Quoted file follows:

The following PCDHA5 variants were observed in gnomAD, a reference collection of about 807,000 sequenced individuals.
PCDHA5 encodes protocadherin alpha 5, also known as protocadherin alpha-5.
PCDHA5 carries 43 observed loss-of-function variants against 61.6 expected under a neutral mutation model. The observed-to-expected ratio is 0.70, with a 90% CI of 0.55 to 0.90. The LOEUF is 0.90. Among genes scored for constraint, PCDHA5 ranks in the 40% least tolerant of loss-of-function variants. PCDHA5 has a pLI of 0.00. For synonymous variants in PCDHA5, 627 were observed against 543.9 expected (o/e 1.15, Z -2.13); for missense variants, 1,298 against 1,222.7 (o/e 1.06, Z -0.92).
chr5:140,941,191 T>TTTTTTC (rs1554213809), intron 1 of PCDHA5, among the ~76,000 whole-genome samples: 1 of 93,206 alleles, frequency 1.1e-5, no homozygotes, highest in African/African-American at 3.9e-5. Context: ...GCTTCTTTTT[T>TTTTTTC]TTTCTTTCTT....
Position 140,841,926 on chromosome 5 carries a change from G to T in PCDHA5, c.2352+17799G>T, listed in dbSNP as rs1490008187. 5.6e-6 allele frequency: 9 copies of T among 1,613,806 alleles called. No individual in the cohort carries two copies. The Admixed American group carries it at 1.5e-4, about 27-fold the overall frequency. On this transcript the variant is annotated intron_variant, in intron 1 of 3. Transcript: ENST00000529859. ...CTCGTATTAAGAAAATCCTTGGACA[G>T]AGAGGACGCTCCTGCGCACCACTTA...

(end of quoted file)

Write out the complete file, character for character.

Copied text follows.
The following PCDHA5 variants were observed in gnomAD, a reference collection of about 807,000 sequenced individuals.
PCDHA5 encodes protocadherin alpha 5, also known as protocadherin alpha-5.
PCDHA5 carries 43 observed loss-of-function variants against 61.6 expected under a neutral mutation model. The observed-to-expected ratio is 0.70, with a 90% CI of 0.55 to 0.90. The LOEUF is 0.90. Among genes scored for constraint, PCDHA5 ranks in the 40% least tolerant of loss-of-function variants. PCDHA5 has a pLI of 0.00. For synonymous variants in PCDHA5, 627 were observed against 543.9 expected (o/e 1.15, Z -2.13); for missense variants, 1,298 against 1,222.7 (o/e 1.06, Z -0.92).
chr5:140,941,191 T>TTTTTTC (rs1554213809), intron 1 of PCDHA5, among the ~76,000 whole-genome samples: 1 of 93,206 alleles, frequency 1.1e-5, no homozygotes, highest in African/African-American at 3.9e-5. Context: ...GCTTCTTTTT[T>TTTTTTC]TTTCTTTCTT....
Position 140,841,926 on chromosome 5 carries a change from G to T in PCDHA5, c.2352+17799G>T, listed in dbSNP as rs1490008187. 5.6e-6 allele frequency: 9 copies of T among 1,613,806 alleles called. No individual in the cohort carries two copies. The Admixed American group carries it at 1.5e-4, about 27-fold the overall frequency. On this transcript the variant is annotated intron_variant, in intron 1 of 3. Transcript: ENST00000529859. ...CTCGTATTAAGAAAATCCTTGGACA[G>T]AGAGGACGCTCCTGCGCACCACTTA...